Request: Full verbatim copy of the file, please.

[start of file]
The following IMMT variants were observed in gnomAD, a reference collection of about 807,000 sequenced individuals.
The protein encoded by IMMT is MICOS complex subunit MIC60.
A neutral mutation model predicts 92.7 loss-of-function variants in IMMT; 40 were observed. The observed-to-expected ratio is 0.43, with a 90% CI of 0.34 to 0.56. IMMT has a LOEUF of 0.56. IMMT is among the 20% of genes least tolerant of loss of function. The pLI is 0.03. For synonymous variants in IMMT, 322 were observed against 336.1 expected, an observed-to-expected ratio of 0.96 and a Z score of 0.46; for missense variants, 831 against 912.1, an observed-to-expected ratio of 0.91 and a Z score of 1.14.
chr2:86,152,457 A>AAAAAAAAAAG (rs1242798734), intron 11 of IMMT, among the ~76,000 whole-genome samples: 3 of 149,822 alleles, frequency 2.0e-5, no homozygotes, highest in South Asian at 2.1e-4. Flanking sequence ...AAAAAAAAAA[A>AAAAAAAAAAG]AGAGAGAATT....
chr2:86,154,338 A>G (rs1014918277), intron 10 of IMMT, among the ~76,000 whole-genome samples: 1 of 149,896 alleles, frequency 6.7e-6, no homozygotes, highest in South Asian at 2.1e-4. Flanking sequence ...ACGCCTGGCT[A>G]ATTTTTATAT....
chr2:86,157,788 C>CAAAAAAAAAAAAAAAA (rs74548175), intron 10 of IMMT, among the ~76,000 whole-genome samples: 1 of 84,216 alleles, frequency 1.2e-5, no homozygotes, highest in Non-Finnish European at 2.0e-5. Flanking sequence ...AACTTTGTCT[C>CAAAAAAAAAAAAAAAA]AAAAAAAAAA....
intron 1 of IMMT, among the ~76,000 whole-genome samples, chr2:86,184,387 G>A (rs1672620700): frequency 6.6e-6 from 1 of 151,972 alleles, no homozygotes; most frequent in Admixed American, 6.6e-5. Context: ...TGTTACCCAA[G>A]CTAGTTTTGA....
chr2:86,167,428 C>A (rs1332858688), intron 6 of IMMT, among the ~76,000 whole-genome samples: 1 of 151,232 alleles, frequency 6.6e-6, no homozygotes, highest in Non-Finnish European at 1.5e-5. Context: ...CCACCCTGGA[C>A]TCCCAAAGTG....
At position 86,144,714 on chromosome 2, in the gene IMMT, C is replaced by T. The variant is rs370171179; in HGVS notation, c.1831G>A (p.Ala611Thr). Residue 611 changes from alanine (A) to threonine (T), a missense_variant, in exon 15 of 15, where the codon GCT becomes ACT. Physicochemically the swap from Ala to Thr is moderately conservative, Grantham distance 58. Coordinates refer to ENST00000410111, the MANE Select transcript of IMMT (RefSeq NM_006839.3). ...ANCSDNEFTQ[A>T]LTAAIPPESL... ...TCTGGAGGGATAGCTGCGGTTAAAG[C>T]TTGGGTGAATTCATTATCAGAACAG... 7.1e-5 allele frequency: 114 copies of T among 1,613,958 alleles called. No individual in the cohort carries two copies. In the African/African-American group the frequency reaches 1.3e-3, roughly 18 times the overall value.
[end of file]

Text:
The following IMMT variants were observed in gnomAD, a reference collection of about 807,000 sequenced individuals.
The protein encoded by IMMT is MICOS complex subunit MIC60.
A neutral mutation model predicts 92.7 loss-of-function variants in IMMT; 40 were observed. The observed-to-expected ratio is 0.43, with a 90% CI of 0.34 to 0.56. IMMT has a LOEUF of 0.56. IMMT is among the 20% of genes least tolerant of loss of function. The pLI is 0.03. For synonymous variants in IMMT, 322 were observed against 336.1 expected, an observed-to-expected ratio of 0.96 and a Z score of 0.46; for missense variants, 831 against 912.1, an observed-to-expected ratio of 0.91 and a Z score of 1.14.
chr2:86,152,457 A>AAAAAAAAAAG (rs1242798734), intron 11 of IMMT, among the ~76,000 whole-genome samples: 3 of 149,822 alleles, frequency 2.0e-5, no homozygotes, highest in South Asian at 2.1e-4. Flanking sequence ...AAAAAAAAAA[A>AAAAAAAAAAG]AGAGAGAATT....
chr2:86,154,338 A>G (rs1014918277), intron 10 of IMMT, among the ~76,000 whole-genome samples: 1 of 149,896 alleles, frequency 6.7e-6, no homozygotes, highest in South Asian at 2.1e-4. Flanking sequence ...ACGCCTGGCT[A>G]ATTTTTATAT....
chr2:86,157,788 C>CAAAAAAAAAAAAAAAA (rs74548175), intron 10 of IMMT, among the ~76,000 whole-genome samples: 1 of 84,216 alleles, frequency 1.2e-5, no homozygotes, highest in Non-Finnish European at 2.0e-5. Flanking sequence ...AACTTTGTCT[C>CAAAAAAAAAAAAAAAA]AAAAAAAAAA....
intron 1 of IMMT, among the ~76,000 whole-genome samples, chr2:86,184,387 G>A (rs1672620700): frequency 6.6e-6 from 1 of 151,972 alleles, no homozygotes; most frequent in Admixed American, 6.6e-5. Context: ...TGTTACCCAA[G>A]CTAGTTTTGA....
chr2:86,167,428 C>A (rs1332858688), intron 6 of IMMT, among the ~76,000 whole-genome samples: 1 of 151,232 alleles, frequency 6.6e-6, no homozygotes, highest in Non-Finnish European at 1.5e-5. Context: ...CCACCCTGGA[C>A]TCCCAAAGTG....
At position 86,144,714 on chromosome 2, in the gene IMMT, C is replaced by T. The variant is rs370171179; in HGVS notation, c.1831G>A (p.Ala611Thr). Residue 611 changes from alanine (A) to threonine (T), a missense_variant, in exon 15 of 15, where the codon GCT becomes ACT. Physicochemically the swap from Ala to Thr is moderately conservative, Grantham distance 58. Coordinates refer to ENST00000410111, the MANE Select transcript of IMMT (RefSeq NM_006839.3). ...ANCSDNEFTQ[A>T]LTAAIPPESL... ...TCTGGAGGGATAGCTGCGGTTAAAG[C>T]TTGGGTGAATTCATTATCAGAACAG... 7.1e-5 allele frequency: 114 copies of T among 1,613,958 alleles called. No individual in the cohort carries two copies. In the African/African-American group the frequency reaches 1.3e-3, roughly 18 times the overall value.